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By Tom Fitton
New photos confirm the attack's coordination and its cover-up
Independent voices from the The Washington Times Communities
Topic - Ronald Reagan
A Senate vote to renew an expiring ban on plastic firearms capable of evading metal detectors and X-ray machines is shaping up as a bittersweet moment for gun control supporters, days before the anniversary of the deadly mass shooting at Sandy Hook Elementary School in Connecticut.
A Nevada conservative activist is incensed after his attempt to name a peak after former President Ronald Reagan was thwarted by a Democratic lawmaker who instead filed a bill to name the property after a former state politico — another Democrat.
Former Secretary of State James A. Baker III, who served as President Ronald Reagan's chief of staff, said Sunday he's sure the 40th president regretted vetoing an anti-apartheid bill — a veto that Congress ultimately overrode in 1986.
The president of South African said Friday that Nelson Mandela's body will be taken to his ancestral village of Qunu where he will be buried on Dec. 15 alongside three of his deceased children.
At a fundraiser in Seattle on the day before Thanksgiving, President Obama told a group of Democratic donors, apparently without a hint of irony, "I'm not a particularly ideological person." One wouldn't know it from the ponderous 48-minute oration on income inequality that he delivered in Washington on Wednesday.
On Nov. 4, 1979, a group of radical Muslims stormed the U.S. Embassy in Tehran and took 52 innocent civilian Americans hostage. Whatever the terrorists' warped reasoning, there is no excuse for abducting innocent Americans and holding them hostage for 444 days. The hostages were starved, beaten and tortured in God knows how many ways.
The latest manifestation of President Obama's serial national security fraud is on display at the moment in East Asia. For much of his presidency, Mr. Obama has contended that the defense budget could be dramatically reduced because, henceforth, the United States would only need sufficient military capability to fight one war at a time.
Last week in The Times, I read President Reagan's 1982 Thanksgiving address, in which he said "a divine plan placed this great continent here ... to be found by people from every corner of the Earth who had a special love of faith and freedom" and that "our pioneers asked that He would work His will in our daily lives so America would be a land of morality, fairness and freedom" ("Inside the Beltway: Will Thanksgiving succumb to shopping?" Web, Nov. 27). In Friday's edition, I read that our current president had this to say in celebration of Thanksgiving: "We give thanks for the generations ... people of all races and religions, who arrived here from every country on Earth and worked to build something better for themselves and us" ("Obama's Thanksgiving address gives veiled nod to immigrants," Web, Nov. 28).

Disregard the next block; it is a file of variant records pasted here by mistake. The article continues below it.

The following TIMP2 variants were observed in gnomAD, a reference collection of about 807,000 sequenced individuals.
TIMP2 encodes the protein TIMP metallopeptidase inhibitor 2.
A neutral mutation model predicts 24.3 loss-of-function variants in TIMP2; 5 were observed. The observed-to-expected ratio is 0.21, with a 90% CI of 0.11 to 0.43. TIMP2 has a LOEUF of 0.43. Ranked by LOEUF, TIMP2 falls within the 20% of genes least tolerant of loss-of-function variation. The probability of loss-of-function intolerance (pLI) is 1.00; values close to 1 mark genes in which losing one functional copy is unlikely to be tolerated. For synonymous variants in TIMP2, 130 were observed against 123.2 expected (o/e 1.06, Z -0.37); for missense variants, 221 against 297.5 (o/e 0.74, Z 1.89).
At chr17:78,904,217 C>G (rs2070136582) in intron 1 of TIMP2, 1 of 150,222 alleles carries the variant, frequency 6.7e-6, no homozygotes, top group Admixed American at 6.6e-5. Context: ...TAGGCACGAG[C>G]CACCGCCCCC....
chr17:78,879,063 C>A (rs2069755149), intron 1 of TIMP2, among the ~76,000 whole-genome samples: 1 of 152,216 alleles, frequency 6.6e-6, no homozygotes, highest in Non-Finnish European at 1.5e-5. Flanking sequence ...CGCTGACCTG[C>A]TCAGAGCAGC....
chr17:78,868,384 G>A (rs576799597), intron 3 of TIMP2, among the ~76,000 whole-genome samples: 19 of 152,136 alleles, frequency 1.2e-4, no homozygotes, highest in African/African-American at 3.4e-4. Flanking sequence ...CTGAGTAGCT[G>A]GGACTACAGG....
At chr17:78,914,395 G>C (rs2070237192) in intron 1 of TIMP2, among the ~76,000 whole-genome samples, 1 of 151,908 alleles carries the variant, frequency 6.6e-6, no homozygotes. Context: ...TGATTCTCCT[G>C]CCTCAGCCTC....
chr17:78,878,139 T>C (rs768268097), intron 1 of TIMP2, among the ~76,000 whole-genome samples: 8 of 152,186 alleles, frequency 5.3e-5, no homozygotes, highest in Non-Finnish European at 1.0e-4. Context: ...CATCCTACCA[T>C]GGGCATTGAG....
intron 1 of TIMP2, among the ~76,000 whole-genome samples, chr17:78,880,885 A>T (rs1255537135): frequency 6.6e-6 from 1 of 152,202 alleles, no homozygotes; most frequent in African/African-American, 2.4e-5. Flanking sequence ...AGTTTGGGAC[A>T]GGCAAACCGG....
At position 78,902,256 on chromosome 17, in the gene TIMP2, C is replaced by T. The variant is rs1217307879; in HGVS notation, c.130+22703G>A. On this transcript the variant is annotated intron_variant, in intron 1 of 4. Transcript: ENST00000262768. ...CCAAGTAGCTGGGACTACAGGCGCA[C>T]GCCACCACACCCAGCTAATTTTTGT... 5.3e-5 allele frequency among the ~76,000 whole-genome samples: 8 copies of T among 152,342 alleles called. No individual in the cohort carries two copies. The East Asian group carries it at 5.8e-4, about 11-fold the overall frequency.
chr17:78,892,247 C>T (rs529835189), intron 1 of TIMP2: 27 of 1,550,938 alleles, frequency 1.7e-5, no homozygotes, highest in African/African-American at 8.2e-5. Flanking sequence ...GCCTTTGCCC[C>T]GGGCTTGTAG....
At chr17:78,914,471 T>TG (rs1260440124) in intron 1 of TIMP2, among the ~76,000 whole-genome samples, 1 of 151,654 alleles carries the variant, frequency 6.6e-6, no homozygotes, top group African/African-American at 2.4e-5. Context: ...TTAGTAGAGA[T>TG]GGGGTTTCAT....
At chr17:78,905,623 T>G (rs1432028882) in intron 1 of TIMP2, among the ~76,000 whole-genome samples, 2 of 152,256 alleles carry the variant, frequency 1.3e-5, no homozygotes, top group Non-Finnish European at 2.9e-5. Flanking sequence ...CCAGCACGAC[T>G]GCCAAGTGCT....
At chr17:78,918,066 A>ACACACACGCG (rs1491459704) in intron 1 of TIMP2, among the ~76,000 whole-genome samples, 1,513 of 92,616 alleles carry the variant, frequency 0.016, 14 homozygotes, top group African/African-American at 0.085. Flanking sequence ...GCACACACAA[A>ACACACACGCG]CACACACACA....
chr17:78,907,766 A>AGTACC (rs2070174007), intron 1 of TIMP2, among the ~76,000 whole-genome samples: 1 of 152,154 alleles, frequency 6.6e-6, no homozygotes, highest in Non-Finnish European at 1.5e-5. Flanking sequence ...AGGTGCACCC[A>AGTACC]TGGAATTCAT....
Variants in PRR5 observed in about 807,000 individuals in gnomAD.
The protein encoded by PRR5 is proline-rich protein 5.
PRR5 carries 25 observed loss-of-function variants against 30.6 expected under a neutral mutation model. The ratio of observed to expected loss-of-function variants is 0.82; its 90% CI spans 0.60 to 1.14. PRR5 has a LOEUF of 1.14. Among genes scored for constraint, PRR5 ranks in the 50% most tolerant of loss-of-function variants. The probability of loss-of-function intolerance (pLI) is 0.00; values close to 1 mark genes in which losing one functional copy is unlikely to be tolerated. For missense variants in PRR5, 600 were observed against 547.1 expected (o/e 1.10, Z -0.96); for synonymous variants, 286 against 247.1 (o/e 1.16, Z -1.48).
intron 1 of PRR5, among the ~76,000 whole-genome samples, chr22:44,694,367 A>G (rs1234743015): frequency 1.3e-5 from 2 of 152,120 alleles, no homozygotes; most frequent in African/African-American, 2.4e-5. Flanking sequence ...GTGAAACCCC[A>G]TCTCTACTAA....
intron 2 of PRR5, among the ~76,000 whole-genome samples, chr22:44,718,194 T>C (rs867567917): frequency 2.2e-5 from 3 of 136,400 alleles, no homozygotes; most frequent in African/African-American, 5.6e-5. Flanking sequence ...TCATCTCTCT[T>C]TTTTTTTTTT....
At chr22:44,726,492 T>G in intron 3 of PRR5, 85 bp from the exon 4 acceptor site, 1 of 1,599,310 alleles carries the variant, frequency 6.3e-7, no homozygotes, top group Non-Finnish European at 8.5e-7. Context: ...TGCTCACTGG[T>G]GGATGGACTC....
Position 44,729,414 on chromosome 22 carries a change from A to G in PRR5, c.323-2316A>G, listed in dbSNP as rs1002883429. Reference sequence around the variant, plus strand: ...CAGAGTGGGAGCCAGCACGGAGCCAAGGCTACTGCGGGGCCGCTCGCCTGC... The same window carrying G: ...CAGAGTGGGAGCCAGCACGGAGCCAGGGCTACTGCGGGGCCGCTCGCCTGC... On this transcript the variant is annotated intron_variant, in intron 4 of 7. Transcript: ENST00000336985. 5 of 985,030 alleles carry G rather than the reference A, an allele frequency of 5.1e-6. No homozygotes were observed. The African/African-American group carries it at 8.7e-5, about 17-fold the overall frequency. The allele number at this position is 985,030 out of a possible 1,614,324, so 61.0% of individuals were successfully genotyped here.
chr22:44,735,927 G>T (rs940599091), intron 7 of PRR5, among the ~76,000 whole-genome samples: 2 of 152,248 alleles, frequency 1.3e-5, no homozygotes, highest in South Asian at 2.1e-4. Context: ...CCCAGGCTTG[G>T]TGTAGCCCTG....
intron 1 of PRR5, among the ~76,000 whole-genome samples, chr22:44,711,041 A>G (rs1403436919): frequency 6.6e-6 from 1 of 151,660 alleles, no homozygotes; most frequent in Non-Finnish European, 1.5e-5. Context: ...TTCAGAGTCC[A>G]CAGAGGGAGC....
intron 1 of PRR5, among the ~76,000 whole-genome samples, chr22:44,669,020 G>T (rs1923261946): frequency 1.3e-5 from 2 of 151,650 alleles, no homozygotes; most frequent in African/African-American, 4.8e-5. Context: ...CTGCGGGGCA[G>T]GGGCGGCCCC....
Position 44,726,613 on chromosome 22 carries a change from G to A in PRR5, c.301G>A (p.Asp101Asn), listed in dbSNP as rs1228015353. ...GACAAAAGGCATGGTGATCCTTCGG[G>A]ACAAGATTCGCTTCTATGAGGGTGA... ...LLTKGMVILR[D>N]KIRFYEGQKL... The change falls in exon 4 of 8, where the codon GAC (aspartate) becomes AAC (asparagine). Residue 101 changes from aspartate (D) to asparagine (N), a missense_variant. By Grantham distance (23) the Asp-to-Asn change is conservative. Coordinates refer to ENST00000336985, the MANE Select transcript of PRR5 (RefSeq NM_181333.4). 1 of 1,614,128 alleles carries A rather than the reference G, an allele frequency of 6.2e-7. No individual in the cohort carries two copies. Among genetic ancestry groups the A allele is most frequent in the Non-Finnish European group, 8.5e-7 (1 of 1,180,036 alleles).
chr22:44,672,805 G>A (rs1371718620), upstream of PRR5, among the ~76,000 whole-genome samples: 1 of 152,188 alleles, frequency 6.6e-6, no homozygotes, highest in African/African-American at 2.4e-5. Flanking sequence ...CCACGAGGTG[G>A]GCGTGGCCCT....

Lovers of Ronald Reagan: Avert your eyes. A leading Republican strategist said the beloved leader is dead and that the GOP of the future needs to move on and quit looking to the past.
To millions of readers, he was William F. Buckley Jr.: book author, magazine publisher, televised debater. To me, he was Bill: friend, ally, trailblazer.
"The first thing we can thank God for this Thanksgiving is that we Americans still have Thanksgiving. This holiday, so bound up with our history and our traditions, is in danger. Most department stores have long since put up their Christmas — correction, holiday — decorations and filled the air with 'Yuletide' carols," declares Bob Morrison, a senior fellow with the Family Research Council.
For more than a decade, Iran has successfully bought time from its nuclear detractors by negotiating in bad faith as it worked feverishly to develop nuclear weapons. Tehran now has bought six more months.
In all of the many film documentaries, news stories and other media programs about the life and death of President John F. Kennedy, few if any mention one of his major legacies: cutting taxes to, in his words, "get America moving again."
They had legendary good spirit and the inner mettle to grapple with grim reality as well. That would be the Office of Strategic Services — the OSS — a clandestine agency created during World War II by Army Maj. Gen. William J. Donovan that was the predecessor of the CIA. The inventive determination of those 13,000 uncommon warriors who fought against Nazis and other American enemies seven decades ago has not been forgotten, however.
Marking the approach of the 20th anniversary of its enactment, the group behind the federal Brady Law on gun control said Tuesday that it will press for more limits even after President Obama's proposal stalled on Capitol Hill this year.
Last week in The Times, I read President Reagan's 1982 Thanksgiving address, in which he said "a divine plan placed this great continent here ... to be found by people from every corner of the Earth who had a special love of faith and freedom" and that "our pioneers asked that He would work His will in our daily lives so America would be a land of morality, fairness and freedom" ("Inside the Beltway: Will Thanksgiving succumb to shopping?"